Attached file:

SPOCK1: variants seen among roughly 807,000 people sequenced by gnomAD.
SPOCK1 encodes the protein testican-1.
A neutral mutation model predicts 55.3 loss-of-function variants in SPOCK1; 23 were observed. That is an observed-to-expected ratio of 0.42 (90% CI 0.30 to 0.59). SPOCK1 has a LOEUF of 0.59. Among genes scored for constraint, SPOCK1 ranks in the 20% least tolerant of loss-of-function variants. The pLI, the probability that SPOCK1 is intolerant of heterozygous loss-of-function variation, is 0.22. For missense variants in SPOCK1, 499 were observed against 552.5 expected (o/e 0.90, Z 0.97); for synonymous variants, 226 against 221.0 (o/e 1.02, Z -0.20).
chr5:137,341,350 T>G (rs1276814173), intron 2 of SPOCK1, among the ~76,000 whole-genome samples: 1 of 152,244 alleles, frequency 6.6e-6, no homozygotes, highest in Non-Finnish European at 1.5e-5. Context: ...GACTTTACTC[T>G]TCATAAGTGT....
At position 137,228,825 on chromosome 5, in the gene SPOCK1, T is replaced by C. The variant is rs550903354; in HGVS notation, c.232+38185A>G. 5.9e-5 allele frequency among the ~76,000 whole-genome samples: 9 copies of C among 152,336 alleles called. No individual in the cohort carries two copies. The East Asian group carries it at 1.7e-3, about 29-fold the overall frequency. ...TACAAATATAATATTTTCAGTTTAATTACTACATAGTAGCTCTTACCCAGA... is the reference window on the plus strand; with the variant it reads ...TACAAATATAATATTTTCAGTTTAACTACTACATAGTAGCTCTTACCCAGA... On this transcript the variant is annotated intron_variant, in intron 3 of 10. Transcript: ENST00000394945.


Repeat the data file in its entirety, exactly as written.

SPOCK1: variants seen among roughly 807,000 people sequenced by gnomAD.
SPOCK1 encodes the protein testican-1.
A neutral mutation model predicts 55.3 loss-of-function variants in SPOCK1; 23 were observed. That is an observed-to-expected ratio of 0.42 (90% CI 0.30 to 0.59). SPOCK1 has a LOEUF of 0.59. Among genes scored for constraint, SPOCK1 ranks in the 20% least tolerant of loss-of-function variants. The pLI, the probability that SPOCK1 is intolerant of heterozygous loss-of-function variation, is 0.22. For missense variants in SPOCK1, 499 were observed against 552.5 expected (o/e 0.90, Z 0.97); for synonymous variants, 226 against 221.0 (o/e 1.02, Z -0.20).
chr5:137,341,350 T>G (rs1276814173), intron 2 of SPOCK1, among the ~76,000 whole-genome samples: 1 of 152,244 alleles, frequency 6.6e-6, no homozygotes, highest in Non-Finnish European at 1.5e-5. Context: ...GACTTTACTC[T>G]TCATAAGTGT....
At position 137,228,825 on chromosome 5, in the gene SPOCK1, T is replaced by C. The variant is rs550903354; in HGVS notation, c.232+38185A>G. 5.9e-5 allele frequency among the ~76,000 whole-genome samples: 9 copies of C among 152,336 alleles called. No individual in the cohort carries two copies. The East Asian group carries it at 1.7e-3, about 29-fold the overall frequency. ...TACAAATATAATATTTTCAGTTTAATTACTACATAGTAGCTCTTACCCAGA... is the reference window on the plus strand; with the variant it reads ...TACAAATATAATATTTTCAGTTTAACTACTACATAGTAGCTCTTACCCAGA... On this transcript the variant is annotated intron_variant, in intron 3 of 10. Transcript: ENST00000394945.